Exterminated: Jesse Rodriguez Romps Over the Rat King

He didn’t protest; what little resistance he managed through the previous half-hour—even that was beyond him now. For seven rounds his body betrayed him, whipped mercilessly along the way by an attendant tormentor, one whose youthful physicality made starker the contrast between what the older fighter had been and what he had become. Those thirty-five years, so many made longer by a cruel profession. Here, with the ring shrinking around him, before a crowd emptying its lungs in an anticipatory roar, he was reduced to histrionics. Here he revealed something new, something uncharacteristically human, as out of place in his bearing as it is in defeat: relief. No more abuse, no more futility, not against this opponent, not before this crowd, not on this night at least. No more. So went the Rat King.

***

Where you end, I begin

Where you end, I begin

Where you end, I begin

Where you end, I begin again

I begin again

—“Sans Soleil,”  Alexisonfire

***

Some of what transpired in the super flyweight fight between Jesse Rodriguez and Srisaket Sor Rungvisai is attributable to youth (and the lack thereof). Not enough to diminish what Rodriguez, who stopped Sor Rungvisai in eight rounds at the Tech Port Arena in San Antonio Saturday, accomplished, but enough that ignoring its role would be dishonest. Youth manifested most strikingly in something best understood as freshness. Rodriguez, twenty-two years old, with only fifteen fights before last night, fought with an emboldening ignorance. He does not yet appreciate the price of a lifetime in a blood sport. Oh, he has given everything in his young life to boxing—obvious talent aside, no one achieves the precocity Rodriguez displayed against Sor Rungvisai without sacrificing all for a dream. Boxing has repaid Rodriguez in kind. It has yet to collect, however: it has yet to take more of the young fighter than he has willfully, earnestly given it. But it will. Fighting may be his bliss for Rodriguez; nevertheless, a time will come when today’s passion becomes tomorrow’s labor when the rituals of preparation become burdensome, when the outlay of his career spoils just enough of the regimen that once brought joy in and of itself. Then work will make Rodriguez weary, his freshness will evaporate, and he will understand both Sor Rungvisai and his domination of him in a new way.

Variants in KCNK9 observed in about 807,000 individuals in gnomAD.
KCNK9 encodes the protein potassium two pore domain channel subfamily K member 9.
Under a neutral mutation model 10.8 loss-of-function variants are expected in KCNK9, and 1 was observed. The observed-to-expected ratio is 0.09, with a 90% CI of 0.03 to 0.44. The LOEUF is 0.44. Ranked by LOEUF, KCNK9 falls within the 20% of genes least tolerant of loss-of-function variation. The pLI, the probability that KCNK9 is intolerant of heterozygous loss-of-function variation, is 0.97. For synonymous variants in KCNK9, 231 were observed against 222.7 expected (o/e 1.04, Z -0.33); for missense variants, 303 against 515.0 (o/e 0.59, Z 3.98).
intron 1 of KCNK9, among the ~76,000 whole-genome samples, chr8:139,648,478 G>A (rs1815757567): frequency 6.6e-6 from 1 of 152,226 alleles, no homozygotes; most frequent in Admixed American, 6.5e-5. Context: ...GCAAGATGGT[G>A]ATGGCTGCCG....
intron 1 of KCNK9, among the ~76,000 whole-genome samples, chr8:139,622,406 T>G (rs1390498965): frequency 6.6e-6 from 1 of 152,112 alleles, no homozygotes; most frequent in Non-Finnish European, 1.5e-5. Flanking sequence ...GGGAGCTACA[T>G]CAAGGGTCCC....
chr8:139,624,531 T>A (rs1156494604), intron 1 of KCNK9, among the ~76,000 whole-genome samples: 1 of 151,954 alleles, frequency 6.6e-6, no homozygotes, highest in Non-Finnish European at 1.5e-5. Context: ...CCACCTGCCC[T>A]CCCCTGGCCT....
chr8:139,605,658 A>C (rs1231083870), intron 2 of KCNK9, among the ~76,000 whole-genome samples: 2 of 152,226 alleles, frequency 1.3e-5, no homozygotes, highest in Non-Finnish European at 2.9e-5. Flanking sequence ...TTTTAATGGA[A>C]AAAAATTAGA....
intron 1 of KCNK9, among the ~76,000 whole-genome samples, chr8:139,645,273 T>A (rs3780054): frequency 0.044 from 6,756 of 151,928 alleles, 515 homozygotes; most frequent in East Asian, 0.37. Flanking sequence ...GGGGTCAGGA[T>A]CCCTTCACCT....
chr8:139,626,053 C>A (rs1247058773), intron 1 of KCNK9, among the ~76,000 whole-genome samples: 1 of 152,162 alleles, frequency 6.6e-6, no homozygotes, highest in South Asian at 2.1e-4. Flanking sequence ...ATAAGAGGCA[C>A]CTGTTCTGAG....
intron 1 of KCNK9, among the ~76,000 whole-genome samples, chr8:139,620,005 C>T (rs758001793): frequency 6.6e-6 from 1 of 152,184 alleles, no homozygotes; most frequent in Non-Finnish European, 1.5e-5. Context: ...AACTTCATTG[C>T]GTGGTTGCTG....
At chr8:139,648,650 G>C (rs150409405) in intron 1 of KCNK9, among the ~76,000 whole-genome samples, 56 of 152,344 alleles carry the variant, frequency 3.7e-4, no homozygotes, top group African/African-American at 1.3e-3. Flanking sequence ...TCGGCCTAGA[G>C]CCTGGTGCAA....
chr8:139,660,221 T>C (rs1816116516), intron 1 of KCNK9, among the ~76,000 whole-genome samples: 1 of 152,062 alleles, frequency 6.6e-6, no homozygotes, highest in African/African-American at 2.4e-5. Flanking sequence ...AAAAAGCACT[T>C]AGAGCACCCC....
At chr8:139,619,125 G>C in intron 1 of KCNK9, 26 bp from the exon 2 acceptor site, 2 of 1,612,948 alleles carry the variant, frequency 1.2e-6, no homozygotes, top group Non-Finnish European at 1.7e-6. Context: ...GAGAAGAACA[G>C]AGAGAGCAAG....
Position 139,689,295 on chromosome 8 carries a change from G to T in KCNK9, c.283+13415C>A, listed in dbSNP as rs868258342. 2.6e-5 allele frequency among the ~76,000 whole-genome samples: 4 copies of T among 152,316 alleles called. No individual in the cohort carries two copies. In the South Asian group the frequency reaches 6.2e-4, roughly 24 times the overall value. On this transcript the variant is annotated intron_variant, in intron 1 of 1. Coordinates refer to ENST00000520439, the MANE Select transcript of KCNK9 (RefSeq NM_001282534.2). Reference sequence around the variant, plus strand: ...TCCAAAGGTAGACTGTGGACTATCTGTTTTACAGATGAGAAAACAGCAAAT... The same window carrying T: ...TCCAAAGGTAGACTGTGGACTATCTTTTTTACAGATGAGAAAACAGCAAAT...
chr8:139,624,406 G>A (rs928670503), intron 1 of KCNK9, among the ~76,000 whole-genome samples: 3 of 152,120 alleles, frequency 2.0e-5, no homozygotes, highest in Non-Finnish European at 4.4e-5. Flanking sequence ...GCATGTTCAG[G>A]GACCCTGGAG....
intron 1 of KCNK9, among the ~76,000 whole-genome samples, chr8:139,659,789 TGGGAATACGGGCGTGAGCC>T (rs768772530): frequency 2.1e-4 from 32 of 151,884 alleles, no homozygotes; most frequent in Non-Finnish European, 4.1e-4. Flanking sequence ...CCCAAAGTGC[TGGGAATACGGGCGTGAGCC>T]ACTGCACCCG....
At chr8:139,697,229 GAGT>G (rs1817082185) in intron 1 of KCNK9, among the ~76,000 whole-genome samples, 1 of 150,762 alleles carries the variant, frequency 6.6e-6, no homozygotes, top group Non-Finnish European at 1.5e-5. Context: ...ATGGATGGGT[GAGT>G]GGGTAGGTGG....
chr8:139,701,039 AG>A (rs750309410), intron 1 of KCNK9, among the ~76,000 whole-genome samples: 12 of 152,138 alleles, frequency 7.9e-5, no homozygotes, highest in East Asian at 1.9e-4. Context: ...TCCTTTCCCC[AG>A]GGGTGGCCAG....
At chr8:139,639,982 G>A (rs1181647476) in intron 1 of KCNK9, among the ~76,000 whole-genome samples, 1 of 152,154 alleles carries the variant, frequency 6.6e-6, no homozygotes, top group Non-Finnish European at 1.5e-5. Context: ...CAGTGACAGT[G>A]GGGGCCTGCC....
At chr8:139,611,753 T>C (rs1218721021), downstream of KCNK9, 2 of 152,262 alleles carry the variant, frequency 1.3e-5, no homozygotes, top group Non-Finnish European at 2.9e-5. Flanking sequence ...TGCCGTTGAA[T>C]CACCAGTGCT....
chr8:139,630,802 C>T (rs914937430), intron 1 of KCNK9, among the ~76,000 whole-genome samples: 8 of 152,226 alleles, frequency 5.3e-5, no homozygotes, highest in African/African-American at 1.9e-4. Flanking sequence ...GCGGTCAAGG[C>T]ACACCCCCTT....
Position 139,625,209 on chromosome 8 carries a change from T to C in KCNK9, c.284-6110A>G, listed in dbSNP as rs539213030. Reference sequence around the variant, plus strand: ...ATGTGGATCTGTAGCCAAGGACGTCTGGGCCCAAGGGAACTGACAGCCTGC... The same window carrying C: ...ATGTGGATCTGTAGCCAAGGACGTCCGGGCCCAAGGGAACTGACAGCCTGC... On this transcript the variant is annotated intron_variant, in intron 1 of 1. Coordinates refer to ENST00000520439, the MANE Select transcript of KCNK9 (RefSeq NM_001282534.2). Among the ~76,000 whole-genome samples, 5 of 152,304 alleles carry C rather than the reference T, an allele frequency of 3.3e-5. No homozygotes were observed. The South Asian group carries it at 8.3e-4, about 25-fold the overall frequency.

***

This rancor of the lower divisions, a concussionista whose intentions reflect his disdain for the jab—what did he tell himself in those minute reprieves from a protracted beating? Could Sor Rungvisai identify flashes of success, punches that didn’t just land but altered the behavior, the resolve, and bearing of his opponent? Because such signs were almost imperceptible at a vantage point beyond the ropes. Rodriguez did what no one has done to Sor Rungivsai: he made him look small, even weak. A win over Sor Rungvisai, who had shown increasing wear of late? That was certainly possible, especially for Rodriguez, a Texan fighting in his hometown. But a one-sided drubbing? Who envisioned that?